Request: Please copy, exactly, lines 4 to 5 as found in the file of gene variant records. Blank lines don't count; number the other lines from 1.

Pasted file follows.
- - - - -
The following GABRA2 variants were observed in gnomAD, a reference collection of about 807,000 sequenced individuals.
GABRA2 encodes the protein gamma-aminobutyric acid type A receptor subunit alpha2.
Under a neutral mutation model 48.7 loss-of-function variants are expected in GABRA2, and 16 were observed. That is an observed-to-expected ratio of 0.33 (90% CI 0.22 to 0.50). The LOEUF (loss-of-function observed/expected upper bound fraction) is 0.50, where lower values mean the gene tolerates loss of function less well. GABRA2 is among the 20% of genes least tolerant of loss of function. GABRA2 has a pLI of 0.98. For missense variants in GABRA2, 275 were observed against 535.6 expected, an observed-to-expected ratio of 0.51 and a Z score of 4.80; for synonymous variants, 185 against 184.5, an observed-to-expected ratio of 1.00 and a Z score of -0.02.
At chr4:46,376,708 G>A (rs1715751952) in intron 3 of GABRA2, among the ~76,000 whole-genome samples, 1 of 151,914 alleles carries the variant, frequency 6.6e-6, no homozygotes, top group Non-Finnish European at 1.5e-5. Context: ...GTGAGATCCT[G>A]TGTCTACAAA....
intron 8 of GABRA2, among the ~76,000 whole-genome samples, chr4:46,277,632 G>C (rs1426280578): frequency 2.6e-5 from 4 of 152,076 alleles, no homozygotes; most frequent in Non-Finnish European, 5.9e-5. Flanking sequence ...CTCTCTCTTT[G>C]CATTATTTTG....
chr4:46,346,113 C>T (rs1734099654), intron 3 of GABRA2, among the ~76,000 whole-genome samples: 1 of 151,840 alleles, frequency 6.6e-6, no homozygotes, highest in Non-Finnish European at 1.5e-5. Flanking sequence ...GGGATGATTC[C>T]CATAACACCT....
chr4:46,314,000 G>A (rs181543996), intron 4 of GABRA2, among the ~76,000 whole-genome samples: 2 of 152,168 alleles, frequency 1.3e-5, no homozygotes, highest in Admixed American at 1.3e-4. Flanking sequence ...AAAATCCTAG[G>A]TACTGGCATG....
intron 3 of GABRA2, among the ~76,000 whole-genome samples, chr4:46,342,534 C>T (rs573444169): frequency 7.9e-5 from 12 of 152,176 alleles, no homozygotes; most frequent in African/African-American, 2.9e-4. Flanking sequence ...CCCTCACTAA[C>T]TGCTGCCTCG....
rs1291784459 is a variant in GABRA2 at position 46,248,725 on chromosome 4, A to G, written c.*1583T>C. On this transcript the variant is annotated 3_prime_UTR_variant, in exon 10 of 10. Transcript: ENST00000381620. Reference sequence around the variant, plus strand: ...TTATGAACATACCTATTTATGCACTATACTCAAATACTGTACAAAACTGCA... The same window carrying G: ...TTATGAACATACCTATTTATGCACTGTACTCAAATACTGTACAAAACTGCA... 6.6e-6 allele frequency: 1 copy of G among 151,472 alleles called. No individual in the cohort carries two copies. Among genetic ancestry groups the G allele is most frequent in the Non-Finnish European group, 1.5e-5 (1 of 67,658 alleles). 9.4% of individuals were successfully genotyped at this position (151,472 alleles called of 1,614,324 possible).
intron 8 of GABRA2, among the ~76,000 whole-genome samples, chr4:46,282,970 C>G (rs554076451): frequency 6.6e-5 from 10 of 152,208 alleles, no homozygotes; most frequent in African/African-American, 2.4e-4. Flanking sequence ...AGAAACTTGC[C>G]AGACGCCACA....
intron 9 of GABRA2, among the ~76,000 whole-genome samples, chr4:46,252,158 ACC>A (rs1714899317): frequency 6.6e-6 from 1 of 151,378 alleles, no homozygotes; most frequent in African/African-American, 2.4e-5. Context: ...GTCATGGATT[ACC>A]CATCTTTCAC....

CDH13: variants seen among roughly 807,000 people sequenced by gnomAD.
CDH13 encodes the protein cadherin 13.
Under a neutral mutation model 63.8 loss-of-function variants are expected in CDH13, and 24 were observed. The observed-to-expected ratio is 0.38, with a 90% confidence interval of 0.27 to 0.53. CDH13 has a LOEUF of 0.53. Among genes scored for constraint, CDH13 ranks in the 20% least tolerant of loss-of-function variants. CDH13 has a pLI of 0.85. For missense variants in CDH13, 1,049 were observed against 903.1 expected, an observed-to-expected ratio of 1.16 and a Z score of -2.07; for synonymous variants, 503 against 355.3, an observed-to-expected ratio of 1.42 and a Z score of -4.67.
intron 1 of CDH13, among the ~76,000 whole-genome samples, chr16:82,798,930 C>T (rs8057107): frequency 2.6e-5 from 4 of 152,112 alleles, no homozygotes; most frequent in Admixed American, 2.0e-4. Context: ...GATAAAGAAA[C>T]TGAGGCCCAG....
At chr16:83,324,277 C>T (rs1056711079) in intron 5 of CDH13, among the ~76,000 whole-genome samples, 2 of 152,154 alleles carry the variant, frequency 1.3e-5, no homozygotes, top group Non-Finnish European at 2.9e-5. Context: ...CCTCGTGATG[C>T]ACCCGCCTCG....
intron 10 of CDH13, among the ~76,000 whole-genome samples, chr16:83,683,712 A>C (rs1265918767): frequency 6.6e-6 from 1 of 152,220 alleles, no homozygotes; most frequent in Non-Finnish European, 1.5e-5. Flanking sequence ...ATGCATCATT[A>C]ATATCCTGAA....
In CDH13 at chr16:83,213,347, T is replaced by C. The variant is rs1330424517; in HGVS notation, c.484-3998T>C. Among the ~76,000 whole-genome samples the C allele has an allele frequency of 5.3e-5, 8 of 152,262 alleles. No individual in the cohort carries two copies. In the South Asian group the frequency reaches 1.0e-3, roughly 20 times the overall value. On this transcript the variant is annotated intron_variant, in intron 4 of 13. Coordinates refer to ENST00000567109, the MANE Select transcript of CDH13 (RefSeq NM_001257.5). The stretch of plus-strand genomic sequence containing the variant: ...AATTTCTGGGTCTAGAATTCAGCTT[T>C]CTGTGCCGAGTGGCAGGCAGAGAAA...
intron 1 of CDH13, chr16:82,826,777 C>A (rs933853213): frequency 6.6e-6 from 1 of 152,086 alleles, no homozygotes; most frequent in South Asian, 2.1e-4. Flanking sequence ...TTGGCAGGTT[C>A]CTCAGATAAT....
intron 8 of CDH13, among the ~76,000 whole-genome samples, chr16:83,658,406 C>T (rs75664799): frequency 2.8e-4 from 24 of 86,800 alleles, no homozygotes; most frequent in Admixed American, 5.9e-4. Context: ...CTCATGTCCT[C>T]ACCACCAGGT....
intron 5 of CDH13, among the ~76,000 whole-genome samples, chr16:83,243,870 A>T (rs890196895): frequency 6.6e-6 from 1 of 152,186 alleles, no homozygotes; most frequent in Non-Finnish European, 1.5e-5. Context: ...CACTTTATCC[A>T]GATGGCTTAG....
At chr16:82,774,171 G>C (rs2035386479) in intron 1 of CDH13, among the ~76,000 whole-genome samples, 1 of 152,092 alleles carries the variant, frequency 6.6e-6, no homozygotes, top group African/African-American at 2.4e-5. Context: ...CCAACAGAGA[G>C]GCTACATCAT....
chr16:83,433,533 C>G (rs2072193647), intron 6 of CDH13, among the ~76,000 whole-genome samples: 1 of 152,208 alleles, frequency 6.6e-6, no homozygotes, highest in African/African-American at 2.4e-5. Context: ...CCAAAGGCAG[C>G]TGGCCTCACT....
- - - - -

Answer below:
At chr4:46,376,708 G>A (rs1715751952) in intron 3 of GABRA2, among the ~76,000 whole-genome samples, 1 of 151,914 alleles carries the variant, frequency 6.6e-6, no homozygotes, top group Non-Finnish European at 1.5e-5. Context: ...GTGAGATCCT[G>A]TGTCTACAAA....
intron 8 of GABRA2, among the ~76,000 whole-genome samples, chr4:46,277,632 G>C (rs1426280578): frequency 2.6e-5 from 4 of 152,076 alleles, no homozygotes; most frequent in Non-Finnish European, 5.9e-5. Flanking sequence ...CTCTCTCTTT[G>C]CATTATTTTG....